The Martyr Criticism

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Ngugi has achieved international recognition as East Africa's leading novelist. His stories address the struggles of Africans in Kenya during the colonial and post-colonial eras. Critics have focused primarily on the political impetus in Ngugi's novels, stories, plays, and essays. G. D. Killam asserts, "Ngugi felt from the outset of his career as a writer that writing should serve social and political purposes." Ngugi himself, in an introduction to the story collection Secret Lives, states that his writing is "an attempt to understand myself and my situation in society and history." Charles Cantalupe, calling Ngugi "East Africa's greatest novelist and essayist," notes that Ngugi is "the most widely discussed and foremost African writer today in understanding the problems of postcolonial Africa." Cantalupe has also pointed out the international impact of Ngugi's work, despite the fact that it has been banned in his own country: "Since his...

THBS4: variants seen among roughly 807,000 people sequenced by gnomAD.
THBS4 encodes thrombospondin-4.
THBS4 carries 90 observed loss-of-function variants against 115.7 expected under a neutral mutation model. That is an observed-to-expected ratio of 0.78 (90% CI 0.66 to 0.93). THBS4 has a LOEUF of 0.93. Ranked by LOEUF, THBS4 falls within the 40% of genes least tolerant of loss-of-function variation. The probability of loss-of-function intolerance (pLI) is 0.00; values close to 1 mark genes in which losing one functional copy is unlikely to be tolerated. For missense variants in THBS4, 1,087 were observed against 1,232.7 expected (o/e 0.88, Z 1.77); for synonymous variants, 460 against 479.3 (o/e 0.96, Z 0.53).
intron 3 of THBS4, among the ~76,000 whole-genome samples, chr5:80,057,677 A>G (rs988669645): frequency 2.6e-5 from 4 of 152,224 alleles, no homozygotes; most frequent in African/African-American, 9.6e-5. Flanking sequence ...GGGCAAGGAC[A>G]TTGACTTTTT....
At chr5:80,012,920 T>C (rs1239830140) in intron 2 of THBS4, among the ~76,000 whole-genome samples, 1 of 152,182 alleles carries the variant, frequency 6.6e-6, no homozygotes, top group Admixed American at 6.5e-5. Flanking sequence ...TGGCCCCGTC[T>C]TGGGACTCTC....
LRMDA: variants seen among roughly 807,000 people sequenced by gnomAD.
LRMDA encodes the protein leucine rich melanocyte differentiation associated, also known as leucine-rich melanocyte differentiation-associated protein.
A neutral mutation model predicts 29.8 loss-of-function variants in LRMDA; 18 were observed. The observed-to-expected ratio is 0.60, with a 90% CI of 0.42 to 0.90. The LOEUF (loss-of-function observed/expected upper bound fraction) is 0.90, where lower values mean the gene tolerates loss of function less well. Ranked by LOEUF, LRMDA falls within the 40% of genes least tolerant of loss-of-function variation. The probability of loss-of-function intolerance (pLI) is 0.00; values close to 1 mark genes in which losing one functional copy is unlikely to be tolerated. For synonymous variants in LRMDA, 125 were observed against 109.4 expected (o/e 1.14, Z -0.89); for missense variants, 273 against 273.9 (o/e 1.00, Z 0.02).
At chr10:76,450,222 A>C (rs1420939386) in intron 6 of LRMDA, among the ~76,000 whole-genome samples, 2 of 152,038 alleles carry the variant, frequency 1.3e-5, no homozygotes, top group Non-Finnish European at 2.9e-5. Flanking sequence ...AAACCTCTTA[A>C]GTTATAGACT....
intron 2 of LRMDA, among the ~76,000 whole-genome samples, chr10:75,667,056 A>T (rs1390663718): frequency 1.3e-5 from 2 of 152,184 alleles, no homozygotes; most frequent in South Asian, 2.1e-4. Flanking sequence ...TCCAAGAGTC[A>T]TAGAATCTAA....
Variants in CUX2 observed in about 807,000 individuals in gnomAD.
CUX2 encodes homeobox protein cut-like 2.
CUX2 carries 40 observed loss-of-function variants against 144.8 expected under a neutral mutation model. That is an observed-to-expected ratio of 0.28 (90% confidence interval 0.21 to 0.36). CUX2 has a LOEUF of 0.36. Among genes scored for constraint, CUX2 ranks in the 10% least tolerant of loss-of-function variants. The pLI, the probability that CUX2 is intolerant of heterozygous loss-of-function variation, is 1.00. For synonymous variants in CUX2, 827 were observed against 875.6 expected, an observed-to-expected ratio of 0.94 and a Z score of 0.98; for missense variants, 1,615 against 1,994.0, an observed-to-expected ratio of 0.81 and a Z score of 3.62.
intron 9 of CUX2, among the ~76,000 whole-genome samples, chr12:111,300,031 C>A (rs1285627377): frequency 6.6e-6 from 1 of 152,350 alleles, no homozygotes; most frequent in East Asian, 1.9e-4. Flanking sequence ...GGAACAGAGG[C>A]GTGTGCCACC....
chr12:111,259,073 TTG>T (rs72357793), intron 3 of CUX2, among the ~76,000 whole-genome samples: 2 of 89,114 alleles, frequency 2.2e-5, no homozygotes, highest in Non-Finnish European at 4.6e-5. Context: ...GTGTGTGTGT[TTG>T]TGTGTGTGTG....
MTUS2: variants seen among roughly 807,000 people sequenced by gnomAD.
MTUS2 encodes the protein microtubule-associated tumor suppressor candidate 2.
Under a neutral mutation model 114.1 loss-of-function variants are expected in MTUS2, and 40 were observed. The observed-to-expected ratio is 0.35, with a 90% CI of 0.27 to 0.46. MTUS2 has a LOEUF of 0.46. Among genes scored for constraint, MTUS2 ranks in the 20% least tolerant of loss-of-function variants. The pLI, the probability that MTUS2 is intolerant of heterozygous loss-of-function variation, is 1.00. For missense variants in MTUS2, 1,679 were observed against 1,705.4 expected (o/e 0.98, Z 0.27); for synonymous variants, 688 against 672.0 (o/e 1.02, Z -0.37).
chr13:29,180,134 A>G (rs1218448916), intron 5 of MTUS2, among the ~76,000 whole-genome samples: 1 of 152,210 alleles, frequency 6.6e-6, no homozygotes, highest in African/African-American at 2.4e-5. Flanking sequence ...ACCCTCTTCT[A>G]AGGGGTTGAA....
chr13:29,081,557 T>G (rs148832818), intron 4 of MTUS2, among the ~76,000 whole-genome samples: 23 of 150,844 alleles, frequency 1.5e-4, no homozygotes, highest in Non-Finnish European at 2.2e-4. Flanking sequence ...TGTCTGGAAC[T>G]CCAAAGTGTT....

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This section contains 818 words
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The Martyr from Gale. ©2005-2006 Thomson Gale, a part of the Thomson Corporation. All rights reserved.
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